Long before keeping your money at the bank was the norm, folks had to find other ways to protect their wealth...
Thousands of years ago in Babylon, individuals would act as creditors and debtors – storing and lending money for others. The Code of Hammurabi, written around 1780 B.C., even stipulated lending terms:
A merchant may collect interest of thirty-three and one-third per cent on a loan of grain, and twenty per cent interest may be charged on a loan of silver.
If a free person who has borrowed cannot repay the loan with silver but can repay it with grain, the merchant who made the loan is obligated to accept the grain at the rate of exchange set by the king; if the merchant tries to raise the interest rate, that merchant shall forfeit both the capital and the interest.
If a merchant loans grain or silver at one rate but later tries to collect at a higher rate, that merchant shall forfeit both the capital and the interest.
Later, people would turn to temples and churches to store and borrow wealth. During the Crusades, the Knights Templar created a banking system across Europe and the Holy Land. Pilgrims and crusaders could deposit their wealth with the Templars, receive a receipt proving their deposit, and then withdraw that money once they arrived in Jerusalem. This lessened the risk of robbery, since cash-laden pilgrims were prime targets for bandits.
Over the centuries, the modern banking system has evolved to what we now know today. But for as long as we've had some form of banking, there have been people keeping their cash outside the system... often buried somewhere on their land or hidden in their homes, like under the mattress.
Even today, I have folks tell me, "Doc, I just think my cash is safer with me."
But if you're just sitting on the sidelines with your cash – whether it's literally under a mattress or sitting in your bank account – you're losing the chance to exponentially grow your wealth.
And right now, according to my colleague Greg Diamond, is the time to put your cash to work.
Yesterday, Greg hosted a "Get Out of Cash" event where thousands of attendees learned...
- Why you absolutely must get out of cash right now...
- When to expect a rare situation that could leave millions of people behind and define your wealth for the next decade...
- How to potentially double your money multiple times this year without touching a single stock...
- And much more...
Now, let's get into some of the things you've had on your minds this week. As always, keep sending your comments, questions, and topic suggestions to [email protected]. We read every e-mail.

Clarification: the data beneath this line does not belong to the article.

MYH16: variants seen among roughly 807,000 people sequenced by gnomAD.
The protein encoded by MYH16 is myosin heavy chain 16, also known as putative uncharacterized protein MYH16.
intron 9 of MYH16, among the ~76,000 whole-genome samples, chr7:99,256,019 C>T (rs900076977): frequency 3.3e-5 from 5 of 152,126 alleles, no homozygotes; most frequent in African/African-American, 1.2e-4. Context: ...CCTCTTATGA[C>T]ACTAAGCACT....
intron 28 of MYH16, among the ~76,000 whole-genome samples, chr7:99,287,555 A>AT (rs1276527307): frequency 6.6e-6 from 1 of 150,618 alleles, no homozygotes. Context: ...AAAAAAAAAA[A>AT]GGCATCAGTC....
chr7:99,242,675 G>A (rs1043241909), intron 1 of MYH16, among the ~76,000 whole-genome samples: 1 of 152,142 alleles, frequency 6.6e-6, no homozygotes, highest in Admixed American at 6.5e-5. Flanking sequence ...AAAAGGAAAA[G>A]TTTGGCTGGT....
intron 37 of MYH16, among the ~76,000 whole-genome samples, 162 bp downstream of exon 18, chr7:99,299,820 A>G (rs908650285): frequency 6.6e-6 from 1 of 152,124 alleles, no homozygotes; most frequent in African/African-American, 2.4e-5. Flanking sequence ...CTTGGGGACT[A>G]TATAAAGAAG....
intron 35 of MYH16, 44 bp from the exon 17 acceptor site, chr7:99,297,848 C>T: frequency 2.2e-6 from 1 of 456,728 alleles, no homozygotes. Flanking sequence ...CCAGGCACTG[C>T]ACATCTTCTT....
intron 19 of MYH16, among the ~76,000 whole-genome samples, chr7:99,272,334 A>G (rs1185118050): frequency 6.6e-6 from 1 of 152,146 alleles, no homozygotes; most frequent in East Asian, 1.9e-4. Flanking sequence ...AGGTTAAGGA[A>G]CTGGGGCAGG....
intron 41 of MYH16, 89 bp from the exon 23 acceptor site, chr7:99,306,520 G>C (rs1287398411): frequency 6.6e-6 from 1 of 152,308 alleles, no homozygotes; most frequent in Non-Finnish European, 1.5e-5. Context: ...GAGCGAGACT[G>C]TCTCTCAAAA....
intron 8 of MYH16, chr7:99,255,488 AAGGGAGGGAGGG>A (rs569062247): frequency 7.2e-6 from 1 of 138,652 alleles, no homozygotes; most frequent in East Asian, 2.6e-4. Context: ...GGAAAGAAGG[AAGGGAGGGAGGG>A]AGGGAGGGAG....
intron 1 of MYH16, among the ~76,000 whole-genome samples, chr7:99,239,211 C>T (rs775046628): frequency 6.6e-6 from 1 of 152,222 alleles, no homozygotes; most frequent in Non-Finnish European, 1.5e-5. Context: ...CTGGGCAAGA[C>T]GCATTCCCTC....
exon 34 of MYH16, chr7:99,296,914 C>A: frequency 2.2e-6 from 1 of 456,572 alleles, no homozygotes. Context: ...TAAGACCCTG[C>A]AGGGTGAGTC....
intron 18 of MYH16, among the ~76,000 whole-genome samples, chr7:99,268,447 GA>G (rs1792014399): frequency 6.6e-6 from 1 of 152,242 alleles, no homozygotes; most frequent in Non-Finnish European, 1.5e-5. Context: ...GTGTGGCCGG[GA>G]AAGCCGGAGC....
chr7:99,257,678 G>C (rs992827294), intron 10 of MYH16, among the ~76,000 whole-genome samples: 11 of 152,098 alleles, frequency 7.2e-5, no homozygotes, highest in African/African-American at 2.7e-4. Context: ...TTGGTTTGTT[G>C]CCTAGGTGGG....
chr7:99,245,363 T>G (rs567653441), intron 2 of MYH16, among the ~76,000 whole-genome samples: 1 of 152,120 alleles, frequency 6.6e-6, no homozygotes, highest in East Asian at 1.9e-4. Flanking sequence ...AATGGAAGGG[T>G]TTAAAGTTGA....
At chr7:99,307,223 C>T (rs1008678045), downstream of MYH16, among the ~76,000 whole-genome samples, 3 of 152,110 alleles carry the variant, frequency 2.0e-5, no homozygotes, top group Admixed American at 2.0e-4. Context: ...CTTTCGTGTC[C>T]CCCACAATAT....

Q: What's the best way to get rid of visceral fat? – G.T.
A: We recently explained that when you're considering your health – and your weight – you should focus on visceral fat. The first layer of fat under your skin is subcutaneous fat (this is the fat you feel when you pinch your skin). Under that layer is the visceral fat – it wraps around your organs. Visceral fat builds as we age, when we eat fatty foods, or when we don't exercise.
The problem with visceral fat is that it triggers inflammatory responses and can even interfere with insulin. That means it's a contributor to ailments like diabetes and fatty liver disease.
There's good news, though... Our favorite diet is a proven way to help reduce visceral fat. According to a study in the journal Nutrition, Metabolism & Cardiovascular Diseases, folks who follow the Mediterranean diet have less visceral fat than those who don't. The data suggest consuming more unsaturated fats (like olive oil) than saturated fats (like in processed foods) helps to keep visceral fat in check.
Similarly, a Spanish study called PREDIMED found that over a five-year period, people who ate olive oil or nuts as part of the Mediterranean diet had smaller increases in waist size than those who followed a low-fat diet instead.
The Mediterranean diet emphasizes fruits, vegetables, fish, lean meats, whole grains, and olive oil. In addition to helping reduce your waist size, this diet also helps prevent cognitive decline and protects our gut bacteria. U.S. News & World Report also just ranked it the No. 1 diet of 2023.
So if you're hoping to get rid of your dangerous belly fat, start eating the Mediterranean way.
Q: Do you recommend different types of bonds? What's the easiest way to buy? – H.W.
A: When we talk generally about bonds, we mean all types of bonds... those issued by the U.S. Treasury, municipal governments, and corporations alike. And that could be in the form of individual bonds or in funds.
I like investing in bond-focused funds – like mutual funds, closed-end funds, or exchange-traded funds. With these investments, we're pooling our money with other investors and minimizing the risk from any one or two bad investments. Since each fund holds dozens or even hundreds of individual bonds, we're instantly diversified. If one bond defaults, we've got the safety of the others to keep our value and income relatively constant. Plus, it's easier to buy one and sell one of these bonds in your brokerage account.
What We're Reading...
- Did you miss it? If you want to be a great investor, pay attention to this.
- Something different: The reason ancient Roman concrete has lasted so long.
Here's to our health, wealth, and a great retirement,
Dr. David Eifrig and the Health & Wealth Bulletin Research Team
January 13, 2023
Editor's note: Our offices are closed Monday, January 16, for Martin Luther King Jr. Day. You'll receive your next issue of the Health & Wealth Bulletin on Tuesday, January 17.